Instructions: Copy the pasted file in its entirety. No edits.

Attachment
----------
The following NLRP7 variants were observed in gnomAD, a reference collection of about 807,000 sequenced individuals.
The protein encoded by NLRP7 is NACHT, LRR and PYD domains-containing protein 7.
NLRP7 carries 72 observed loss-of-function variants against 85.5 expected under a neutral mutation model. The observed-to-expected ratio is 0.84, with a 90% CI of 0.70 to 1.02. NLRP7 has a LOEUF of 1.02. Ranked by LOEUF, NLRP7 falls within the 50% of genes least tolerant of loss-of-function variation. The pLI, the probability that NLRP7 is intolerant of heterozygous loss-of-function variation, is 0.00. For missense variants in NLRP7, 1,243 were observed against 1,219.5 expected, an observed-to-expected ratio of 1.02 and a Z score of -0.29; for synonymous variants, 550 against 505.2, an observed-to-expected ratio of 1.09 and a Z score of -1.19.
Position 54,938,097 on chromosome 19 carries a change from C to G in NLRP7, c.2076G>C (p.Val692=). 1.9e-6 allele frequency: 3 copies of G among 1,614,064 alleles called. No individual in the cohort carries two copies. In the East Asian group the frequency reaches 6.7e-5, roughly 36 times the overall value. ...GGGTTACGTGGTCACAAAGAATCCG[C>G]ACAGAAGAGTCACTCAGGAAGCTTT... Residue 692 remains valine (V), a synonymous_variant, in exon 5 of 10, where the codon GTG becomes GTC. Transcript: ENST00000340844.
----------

The following NLRP7 variants were observed in gnomAD, a reference collection of about 807,000 sequenced individuals.
The protein encoded by NLRP7 is NACHT, LRR and PYD domains-containing protein 7.
NLRP7 carries 72 observed loss-of-function variants against 85.5 expected under a neutral mutation model. The observed-to-expected ratio is 0.84, with a 90% CI of 0.70 to 1.02. NLRP7 has a LOEUF of 1.02. Ranked by LOEUF, NLRP7 falls within the 50% of genes least tolerant of loss-of-function variation. The pLI, the probability that NLRP7 is intolerant of heterozygous loss-of-function variation, is 0.00. For missense variants in NLRP7, 1,243 were observed against 1,219.5 expected, an observed-to-expected ratio of 1.02 and a Z score of -0.29; for synonymous variants, 550 against 505.2, an observed-to-expected ratio of 1.09 and a Z score of -1.19.
Position 54,938,097 on chromosome 19 carries a change from C to G in NLRP7, c.2076G>C (p.Val692=). 1.9e-6 allele frequency: 3 copies of G among 1,614,064 alleles called. No individual in the cohort carries two copies. In the East Asian group the frequency reaches 6.7e-5, roughly 36 times the overall value. ...GGGTTACGTGGTCACAAAGAATCCG[C>G]ACAGAAGAGTCACTCAGGAAGCTTT... Residue 692 remains valine (V), a synonymous_variant, in exon 5 of 10, where the codon GTG becomes GTC. Transcript: ENST00000340844.